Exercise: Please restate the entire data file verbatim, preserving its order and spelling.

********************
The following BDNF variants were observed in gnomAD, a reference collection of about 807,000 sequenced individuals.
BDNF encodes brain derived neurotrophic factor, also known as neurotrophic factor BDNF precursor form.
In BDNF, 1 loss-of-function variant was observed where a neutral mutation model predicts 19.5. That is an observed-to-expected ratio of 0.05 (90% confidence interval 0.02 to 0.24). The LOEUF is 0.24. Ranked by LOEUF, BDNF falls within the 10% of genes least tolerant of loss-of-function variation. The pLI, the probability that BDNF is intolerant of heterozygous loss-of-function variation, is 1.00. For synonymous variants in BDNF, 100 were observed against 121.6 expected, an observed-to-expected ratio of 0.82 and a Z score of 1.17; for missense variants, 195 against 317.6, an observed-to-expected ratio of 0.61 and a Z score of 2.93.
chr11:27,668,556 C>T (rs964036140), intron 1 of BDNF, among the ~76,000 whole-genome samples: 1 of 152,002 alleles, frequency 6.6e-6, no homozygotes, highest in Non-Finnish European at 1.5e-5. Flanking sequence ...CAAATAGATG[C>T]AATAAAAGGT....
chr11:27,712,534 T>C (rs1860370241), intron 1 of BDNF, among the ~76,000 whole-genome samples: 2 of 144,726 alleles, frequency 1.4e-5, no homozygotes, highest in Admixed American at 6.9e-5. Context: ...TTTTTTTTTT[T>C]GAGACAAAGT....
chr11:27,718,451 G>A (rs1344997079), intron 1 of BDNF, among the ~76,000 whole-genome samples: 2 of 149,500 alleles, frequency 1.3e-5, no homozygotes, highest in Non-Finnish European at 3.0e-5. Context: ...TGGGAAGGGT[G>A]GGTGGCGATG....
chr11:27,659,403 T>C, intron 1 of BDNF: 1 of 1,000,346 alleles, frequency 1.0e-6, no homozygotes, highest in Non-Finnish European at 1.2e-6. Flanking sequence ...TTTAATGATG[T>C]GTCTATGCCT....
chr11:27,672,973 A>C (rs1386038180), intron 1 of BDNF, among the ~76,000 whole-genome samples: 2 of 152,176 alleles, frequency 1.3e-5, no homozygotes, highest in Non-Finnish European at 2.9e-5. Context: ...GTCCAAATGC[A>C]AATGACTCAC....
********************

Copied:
The following BDNF variants were observed in gnomAD, a reference collection of about 807,000 sequenced individuals.
BDNF encodes brain derived neurotrophic factor, also known as neurotrophic factor BDNF precursor form.
In BDNF, 1 loss-of-function variant was observed where a neutral mutation model predicts 19.5. That is an observed-to-expected ratio of 0.05 (90% confidence interval 0.02 to 0.24). The LOEUF is 0.24. Ranked by LOEUF, BDNF falls within the 10% of genes least tolerant of loss-of-function variation. The pLI, the probability that BDNF is intolerant of heterozygous loss-of-function variation, is 1.00. For synonymous variants in BDNF, 100 were observed against 121.6 expected, an observed-to-expected ratio of 0.82 and a Z score of 1.17; for missense variants, 195 against 317.6, an observed-to-expected ratio of 0.61 and a Z score of 2.93.
chr11:27,668,556 C>T (rs964036140), intron 1 of BDNF, among the ~76,000 whole-genome samples: 1 of 152,002 alleles, frequency 6.6e-6, no homozygotes, highest in Non-Finnish European at 1.5e-5. Flanking sequence ...CAAATAGATG[C>T]AATAAAAGGT....
chr11:27,712,534 T>C (rs1860370241), intron 1 of BDNF, among the ~76,000 whole-genome samples: 2 of 144,726 alleles, frequency 1.4e-5, no homozygotes, highest in Admixed American at 6.9e-5. Context: ...TTTTTTTTTT[T>C]GAGACAAAGT....
chr11:27,718,451 G>A (rs1344997079), intron 1 of BDNF, among the ~76,000 whole-genome samples: 2 of 149,500 alleles, frequency 1.3e-5, no homozygotes, highest in Non-Finnish European at 3.0e-5. Context: ...TGGGAAGGGT[G>A]GGTGGCGATG....
chr11:27,659,403 T>C, intron 1 of BDNF: 1 of 1,000,346 alleles, frequency 1.0e-6, no homozygotes, highest in Non-Finnish European at 1.2e-6. Flanking sequence ...TTTAATGATG[T>C]GTCTATGCCT....
chr11:27,672,973 A>C (rs1386038180), intron 1 of BDNF, among the ~76,000 whole-genome samples: 2 of 152,176 alleles, frequency 1.3e-5, no homozygotes, highest in Non-Finnish European at 2.9e-5. Context: ...GTCCAAATGC[A>C]AATGACTCAC....